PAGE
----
Thanks so much to Becky & Karen for creating this original concept, what a creative night it was. Each band were awesome & had their own style of music which they presented beautifully and so many of us in the audience stayed from beginning to end! Thanks to Backstage & HKGFM.net for their support. A round of applause for The Underground Team and special thanks to Sam (our Visuals DJ) and Abe (sound).
love Chris B xx
- Under The Bridge
- I Will Be Joining You There
Four musicians plus the biggest pedal board in Hong Kong. A two-song set list with 25 minutes to deliver it. Not only did post-rockers Topsy Wave look likely to present us with something different, this night was a different challenge for them as well as they took to the stage minus a recently departed fifth member.
Establishing a theme for the Underground’s Songs Without Words show – “have they started yet?” – line checks give way to trilling keyboard and ringing guitar before drums count in and the gently-paced groove of Under The Bridge is underway. Immediate impressions are of a wordless Art of Fighting with hints of The Breadmen. It’s an eminently pleasant sound, with none of the jarring, abstract discord that characterizes some of the more avant-garde post-rock. Even as guitar begins to distort, drums begin to crash and keys introduce a theremin wail, there’s an overriding sense of restraint and musicality, with each band member playing his role in the unfolding story. It’s that rare beast, a subtle wall of sound.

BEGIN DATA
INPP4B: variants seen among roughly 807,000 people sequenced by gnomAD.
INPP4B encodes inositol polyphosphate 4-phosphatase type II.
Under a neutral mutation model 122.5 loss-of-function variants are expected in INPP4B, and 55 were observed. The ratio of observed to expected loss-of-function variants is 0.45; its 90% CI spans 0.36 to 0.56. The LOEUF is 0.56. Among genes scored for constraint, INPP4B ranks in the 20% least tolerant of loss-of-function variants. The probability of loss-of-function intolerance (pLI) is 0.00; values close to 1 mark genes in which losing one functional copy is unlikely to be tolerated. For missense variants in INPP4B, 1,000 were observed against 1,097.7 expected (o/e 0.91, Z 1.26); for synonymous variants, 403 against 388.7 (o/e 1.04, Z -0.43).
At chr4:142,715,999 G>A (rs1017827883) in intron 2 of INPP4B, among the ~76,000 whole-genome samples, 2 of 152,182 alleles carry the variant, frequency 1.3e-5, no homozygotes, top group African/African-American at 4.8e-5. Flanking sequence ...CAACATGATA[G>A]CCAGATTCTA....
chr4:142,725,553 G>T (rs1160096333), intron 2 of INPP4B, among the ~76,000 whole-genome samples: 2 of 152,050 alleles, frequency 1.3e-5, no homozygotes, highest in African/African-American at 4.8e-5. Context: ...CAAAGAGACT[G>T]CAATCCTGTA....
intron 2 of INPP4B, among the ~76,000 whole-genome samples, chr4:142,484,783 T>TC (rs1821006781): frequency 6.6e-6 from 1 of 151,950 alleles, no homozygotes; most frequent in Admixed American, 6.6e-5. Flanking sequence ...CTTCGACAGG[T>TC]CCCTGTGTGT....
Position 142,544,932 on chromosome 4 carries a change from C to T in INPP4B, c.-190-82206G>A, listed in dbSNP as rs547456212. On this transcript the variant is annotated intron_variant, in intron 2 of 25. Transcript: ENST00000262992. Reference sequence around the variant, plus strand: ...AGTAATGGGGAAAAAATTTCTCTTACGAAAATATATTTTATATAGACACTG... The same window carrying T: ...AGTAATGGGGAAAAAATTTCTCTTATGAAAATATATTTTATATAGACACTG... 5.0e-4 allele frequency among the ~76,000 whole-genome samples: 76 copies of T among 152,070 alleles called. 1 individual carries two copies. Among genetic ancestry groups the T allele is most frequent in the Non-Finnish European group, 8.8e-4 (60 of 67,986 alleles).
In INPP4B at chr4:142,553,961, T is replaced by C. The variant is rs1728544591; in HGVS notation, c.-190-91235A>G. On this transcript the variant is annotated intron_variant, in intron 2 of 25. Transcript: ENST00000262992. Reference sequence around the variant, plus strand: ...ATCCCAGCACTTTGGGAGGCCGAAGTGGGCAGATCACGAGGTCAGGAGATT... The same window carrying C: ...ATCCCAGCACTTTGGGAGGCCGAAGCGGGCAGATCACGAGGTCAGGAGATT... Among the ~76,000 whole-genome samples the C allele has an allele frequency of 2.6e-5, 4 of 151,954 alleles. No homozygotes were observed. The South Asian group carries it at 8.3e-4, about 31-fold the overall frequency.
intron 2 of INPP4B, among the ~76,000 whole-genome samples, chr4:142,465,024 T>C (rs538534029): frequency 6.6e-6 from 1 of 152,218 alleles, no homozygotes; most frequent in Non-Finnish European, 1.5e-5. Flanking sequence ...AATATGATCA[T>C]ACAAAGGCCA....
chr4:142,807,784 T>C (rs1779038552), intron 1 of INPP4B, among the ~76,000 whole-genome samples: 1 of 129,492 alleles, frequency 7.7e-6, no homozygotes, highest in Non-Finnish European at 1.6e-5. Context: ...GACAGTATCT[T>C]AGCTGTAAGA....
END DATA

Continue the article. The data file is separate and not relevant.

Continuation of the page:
Seven minutes into the first track and momentum flags slightly, but the sense of meter remains unimpeachable and direction is rediscovered by the ten-minute mark. Band and audience alike rekindle their interest and line up for a climax which is reminiscent of a Knopfler soundtrack.
The second half, I Will Be Joining You There, opens with a shimmering, gentle upwell of alto chords gradually coloured by percussive plucking and complementary toms. As the chords swell like a horde of angelic cicadas, I try to visualize images that match the sounds. If I’m in a bad mood, this feels like cold, spectral isolation. If I’m in a good mood, it feels like I’m lying in a field watching the clouds, leaves and blackbirds drift overhead.
Strident, crunching guitars sweep all this away into a dynamic middle section which could easily be the backdrop to cinematic action. But, as this is allowed to dissipate before the next build-up, I’m again left considering whether that 7-10 minute trough is really worth the trouble. But eventually it brings us to another rock-out ending which, after 20-odd minutes of mostly lullaby, is a little easier to take standing up.